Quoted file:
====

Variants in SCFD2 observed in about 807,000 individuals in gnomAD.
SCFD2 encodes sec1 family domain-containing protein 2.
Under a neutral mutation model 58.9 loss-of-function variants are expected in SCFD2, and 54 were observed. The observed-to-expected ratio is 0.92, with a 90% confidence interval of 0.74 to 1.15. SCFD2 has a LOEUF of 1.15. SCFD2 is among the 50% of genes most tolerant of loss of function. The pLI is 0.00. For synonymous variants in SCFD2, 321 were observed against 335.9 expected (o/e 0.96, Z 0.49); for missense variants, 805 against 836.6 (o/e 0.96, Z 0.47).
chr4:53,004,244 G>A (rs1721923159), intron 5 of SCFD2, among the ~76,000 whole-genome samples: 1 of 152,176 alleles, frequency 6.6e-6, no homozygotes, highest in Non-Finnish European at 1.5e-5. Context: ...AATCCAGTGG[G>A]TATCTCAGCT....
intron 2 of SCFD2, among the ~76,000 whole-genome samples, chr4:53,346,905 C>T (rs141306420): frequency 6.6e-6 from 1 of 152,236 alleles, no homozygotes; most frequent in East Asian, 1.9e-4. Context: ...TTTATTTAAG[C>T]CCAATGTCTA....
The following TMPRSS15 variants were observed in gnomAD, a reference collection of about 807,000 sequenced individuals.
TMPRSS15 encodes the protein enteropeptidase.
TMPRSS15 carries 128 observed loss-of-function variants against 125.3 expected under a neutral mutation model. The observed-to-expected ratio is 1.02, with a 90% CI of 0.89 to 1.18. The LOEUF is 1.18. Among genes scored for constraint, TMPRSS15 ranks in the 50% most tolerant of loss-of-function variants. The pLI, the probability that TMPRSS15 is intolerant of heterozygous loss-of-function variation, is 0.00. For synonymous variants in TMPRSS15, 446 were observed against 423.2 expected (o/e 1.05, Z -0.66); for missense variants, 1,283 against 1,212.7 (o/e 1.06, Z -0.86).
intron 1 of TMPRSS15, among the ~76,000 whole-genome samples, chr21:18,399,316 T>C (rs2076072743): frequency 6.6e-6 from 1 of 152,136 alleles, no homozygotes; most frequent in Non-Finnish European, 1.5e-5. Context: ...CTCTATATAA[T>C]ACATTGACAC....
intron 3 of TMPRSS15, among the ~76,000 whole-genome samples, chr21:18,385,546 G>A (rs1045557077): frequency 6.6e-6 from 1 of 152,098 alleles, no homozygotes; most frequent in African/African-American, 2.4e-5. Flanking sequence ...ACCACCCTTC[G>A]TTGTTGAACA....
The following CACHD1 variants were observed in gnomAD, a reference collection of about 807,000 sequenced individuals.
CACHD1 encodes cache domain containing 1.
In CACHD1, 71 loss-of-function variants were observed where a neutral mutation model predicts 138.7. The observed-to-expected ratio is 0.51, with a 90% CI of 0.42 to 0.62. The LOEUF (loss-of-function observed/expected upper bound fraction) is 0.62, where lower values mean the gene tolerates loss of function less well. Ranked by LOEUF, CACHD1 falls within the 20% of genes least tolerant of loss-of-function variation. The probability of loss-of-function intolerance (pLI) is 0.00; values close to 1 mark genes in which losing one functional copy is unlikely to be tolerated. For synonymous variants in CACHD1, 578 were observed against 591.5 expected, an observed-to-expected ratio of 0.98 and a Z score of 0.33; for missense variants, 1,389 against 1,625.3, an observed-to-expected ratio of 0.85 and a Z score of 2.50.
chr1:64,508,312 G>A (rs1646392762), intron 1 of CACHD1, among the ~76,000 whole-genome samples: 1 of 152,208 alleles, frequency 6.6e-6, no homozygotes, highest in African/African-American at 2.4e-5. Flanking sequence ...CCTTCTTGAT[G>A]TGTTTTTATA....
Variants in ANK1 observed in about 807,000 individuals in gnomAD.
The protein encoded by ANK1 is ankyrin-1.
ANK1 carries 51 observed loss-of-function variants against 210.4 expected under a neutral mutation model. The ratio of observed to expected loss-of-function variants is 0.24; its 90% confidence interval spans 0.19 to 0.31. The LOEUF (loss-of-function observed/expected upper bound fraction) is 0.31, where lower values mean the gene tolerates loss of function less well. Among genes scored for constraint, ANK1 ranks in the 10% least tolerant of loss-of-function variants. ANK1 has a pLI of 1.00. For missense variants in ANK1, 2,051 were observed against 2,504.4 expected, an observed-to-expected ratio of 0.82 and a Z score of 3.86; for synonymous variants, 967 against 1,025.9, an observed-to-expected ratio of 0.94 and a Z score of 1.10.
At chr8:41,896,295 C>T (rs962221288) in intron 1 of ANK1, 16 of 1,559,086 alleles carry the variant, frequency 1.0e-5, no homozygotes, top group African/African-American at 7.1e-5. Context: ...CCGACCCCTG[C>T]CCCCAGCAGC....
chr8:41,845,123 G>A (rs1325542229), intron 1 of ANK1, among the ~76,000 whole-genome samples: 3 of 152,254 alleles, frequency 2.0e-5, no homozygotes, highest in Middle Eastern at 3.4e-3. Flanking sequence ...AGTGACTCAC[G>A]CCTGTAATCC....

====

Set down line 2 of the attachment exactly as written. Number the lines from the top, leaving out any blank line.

SCFD2 encodes sec1 family domain-containing protein 2.